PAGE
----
Touted in the invitation for its opening as "an innovative new bar-restaurant" that takes sports "from the dugout of the corner bar to uptown chic," Champions opened on Sept. 28, 1983, with the sort of fanfare that these days accompanies only movie premieres. Sugar Ray Leonard was there, Brooks Robinson was there, and so were Joe Theismann and the Washington Redskins cheerleaders. The place was packed and the crowd extended into the alley, as it often would over the years. Surely few revelers noticed on that first night, but the bar had what was then a rather unusual feature: sports memorabilia, all of which had been painstakingly arranged by O'Harro, an inveterate collector. It covered every inch of wall space, and even the bar top contained a small fortune of baseball cards encased in resin. There were only "two or four TVs," as best as O'Harro can remember, but that wasn't what it was about; Champions aspired to be something totally different from Runyon's. "We didn't want just a bastion for guys to talk about high school football," says O'Harro. "We wanted a place where women felt comfortable." So there was dancing and deejays, and Playboy even named it one of the top singles bars in 1984, describing it in memorable prose as "high energy, hot and hetero." For his part, O'Harro, who has a slick, salesman's charm, became one of D.C.'s most famous bachelors. (At his home, which doubles as something of a Champions shrine and '70s time capsule, complete with zebra skin and polar bear rugs, there is a framed 1977 National Enquirer story naming him one of the country's 10 most eligible bachelors.)
Soon Champions was the largest grossing liquor bar per square foot in the country. Still, it might have been just another trendy nightspot if it weren't for the events. While Desmond loved nothing more than to tend bar and b.s. with his customers, O'Harro had a Trump-ian ability to create buzz and was never content unless the bar was jammed. ("I'd go hide in the bathroom if the place wasn't packed," he says.) So he sponsored anything and everything, no matter how obscure: Redskins nights, movie opening parties, the USFL Cheerleaders Kickoff Party, the Georgetown women's tennis team party, a Miss Hawaiian Tropic contest and even the U.S. Boomerang Association party. When all the NFL quarterbacks were in town for a gala, he sidled up to Jim Kelly and told him he could tend bar that night at Champions on the house; Kelly of course brought 23 other QBs with him, and as O'Harro correctly points out, "You can't buy buzz like that."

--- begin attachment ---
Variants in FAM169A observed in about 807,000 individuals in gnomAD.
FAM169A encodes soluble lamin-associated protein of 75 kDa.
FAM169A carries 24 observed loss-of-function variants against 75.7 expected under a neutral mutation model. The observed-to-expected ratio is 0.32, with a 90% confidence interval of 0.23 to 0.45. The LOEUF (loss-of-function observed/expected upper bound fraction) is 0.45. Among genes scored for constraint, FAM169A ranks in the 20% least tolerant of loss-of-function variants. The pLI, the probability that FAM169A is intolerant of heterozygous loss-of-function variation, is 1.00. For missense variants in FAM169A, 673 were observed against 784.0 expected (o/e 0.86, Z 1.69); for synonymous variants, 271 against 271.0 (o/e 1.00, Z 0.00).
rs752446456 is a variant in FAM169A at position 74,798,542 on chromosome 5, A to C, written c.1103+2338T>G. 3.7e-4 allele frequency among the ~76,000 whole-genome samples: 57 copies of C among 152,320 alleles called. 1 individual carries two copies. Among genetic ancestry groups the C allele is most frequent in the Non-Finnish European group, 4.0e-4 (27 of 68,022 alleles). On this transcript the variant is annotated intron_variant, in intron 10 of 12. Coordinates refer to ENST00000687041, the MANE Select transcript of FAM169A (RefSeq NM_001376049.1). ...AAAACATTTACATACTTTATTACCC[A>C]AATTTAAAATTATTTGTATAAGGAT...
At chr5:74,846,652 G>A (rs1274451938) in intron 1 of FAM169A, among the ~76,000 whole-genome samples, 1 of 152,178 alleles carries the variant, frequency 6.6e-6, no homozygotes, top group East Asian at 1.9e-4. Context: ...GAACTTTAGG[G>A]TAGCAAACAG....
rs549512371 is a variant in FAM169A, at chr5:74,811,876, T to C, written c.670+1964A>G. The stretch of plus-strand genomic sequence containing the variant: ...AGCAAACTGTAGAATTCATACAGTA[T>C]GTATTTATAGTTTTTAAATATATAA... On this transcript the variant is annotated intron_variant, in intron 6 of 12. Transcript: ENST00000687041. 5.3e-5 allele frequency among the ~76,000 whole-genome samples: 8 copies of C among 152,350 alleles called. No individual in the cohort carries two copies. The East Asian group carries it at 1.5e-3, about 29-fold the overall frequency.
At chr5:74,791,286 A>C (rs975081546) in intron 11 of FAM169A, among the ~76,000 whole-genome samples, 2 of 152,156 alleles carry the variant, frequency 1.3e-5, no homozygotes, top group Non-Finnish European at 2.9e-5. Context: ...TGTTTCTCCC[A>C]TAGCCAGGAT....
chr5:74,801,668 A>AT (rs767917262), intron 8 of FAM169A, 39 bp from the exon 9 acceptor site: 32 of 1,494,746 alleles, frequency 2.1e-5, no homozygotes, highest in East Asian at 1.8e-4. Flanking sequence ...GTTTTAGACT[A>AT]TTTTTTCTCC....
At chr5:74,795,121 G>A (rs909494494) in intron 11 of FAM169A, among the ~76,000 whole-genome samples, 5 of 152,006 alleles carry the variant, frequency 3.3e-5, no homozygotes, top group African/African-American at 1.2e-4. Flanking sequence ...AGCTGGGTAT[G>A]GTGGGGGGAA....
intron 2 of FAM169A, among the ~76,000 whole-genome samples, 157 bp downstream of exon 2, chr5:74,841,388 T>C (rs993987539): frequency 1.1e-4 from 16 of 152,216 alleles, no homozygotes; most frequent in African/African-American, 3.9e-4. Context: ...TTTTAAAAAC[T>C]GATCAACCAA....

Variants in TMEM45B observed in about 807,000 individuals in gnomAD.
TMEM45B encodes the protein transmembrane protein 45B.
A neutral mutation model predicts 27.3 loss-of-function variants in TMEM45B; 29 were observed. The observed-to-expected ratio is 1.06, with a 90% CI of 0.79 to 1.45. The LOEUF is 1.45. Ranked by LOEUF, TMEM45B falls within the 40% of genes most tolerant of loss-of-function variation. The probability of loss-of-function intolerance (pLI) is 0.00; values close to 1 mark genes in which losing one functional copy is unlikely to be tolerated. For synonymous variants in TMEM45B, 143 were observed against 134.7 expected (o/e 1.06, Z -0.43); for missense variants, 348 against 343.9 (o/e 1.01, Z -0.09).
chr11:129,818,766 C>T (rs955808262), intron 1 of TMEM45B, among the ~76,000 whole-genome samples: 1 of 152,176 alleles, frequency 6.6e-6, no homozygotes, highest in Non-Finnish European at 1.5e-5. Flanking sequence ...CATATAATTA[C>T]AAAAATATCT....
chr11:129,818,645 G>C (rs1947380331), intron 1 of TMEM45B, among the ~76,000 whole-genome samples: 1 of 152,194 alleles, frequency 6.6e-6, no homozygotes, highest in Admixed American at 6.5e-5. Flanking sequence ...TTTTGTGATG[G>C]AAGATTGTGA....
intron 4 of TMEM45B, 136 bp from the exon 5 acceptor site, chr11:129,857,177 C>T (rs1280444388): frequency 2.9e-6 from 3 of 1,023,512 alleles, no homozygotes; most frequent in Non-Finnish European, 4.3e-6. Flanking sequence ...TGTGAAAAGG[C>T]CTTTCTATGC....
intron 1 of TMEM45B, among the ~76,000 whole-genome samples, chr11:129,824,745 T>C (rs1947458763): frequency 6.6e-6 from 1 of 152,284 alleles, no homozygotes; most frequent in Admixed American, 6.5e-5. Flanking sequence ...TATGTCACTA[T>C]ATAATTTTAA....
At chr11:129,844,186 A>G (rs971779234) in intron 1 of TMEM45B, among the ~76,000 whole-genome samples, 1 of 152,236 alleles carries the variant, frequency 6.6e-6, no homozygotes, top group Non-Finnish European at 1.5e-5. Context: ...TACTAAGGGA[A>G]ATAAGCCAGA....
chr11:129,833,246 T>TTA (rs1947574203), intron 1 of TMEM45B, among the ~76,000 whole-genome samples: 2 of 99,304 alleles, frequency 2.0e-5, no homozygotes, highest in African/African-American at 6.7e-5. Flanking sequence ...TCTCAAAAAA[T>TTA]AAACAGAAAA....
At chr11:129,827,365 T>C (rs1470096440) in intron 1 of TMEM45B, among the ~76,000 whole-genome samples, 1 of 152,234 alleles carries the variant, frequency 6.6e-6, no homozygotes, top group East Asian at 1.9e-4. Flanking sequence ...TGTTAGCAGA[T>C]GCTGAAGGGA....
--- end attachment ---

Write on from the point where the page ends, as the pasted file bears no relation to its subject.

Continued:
His next breakthrough came when it dawned on him that the most avid fans are alumni. He contacted the University of Arizona, his alma mater, and the bar hosted an alumni party for a game against UCLA. The place was so full you couldn't move, on a usually dead Saturday afternoon no less. He'd struck gold. He started calling around to other schools. Sometimes there was only a radio broadcast available, but it didn't matter. In a city like D.C., where so many people are from somewhere else, the camaraderie was what drew people. Where O'Harro saw profit, Desmond saw community. "There was a tremendous need of people from other places to come together and cheer on their team," he says. "It was really heartwarming to see."
Soon O'Harro changed Champions' tagline to The Ultimate Sports Bar. Not surprisingly, there was a demand for the concept. So O'Harro opened another one in the D.C. area, and then, in 1986, Marriott approached him: The hotelier wanted to make Champions the first franchised sports bar. Within a year a Boston Champions opened with Larry Bird and Jim Brown on hand for the opening. Within 10 years Champions had expanded overseas and today remains the largest international sports bar franchise, with 34 locations. (O'Harro and Desmond sold their interest in 1992.)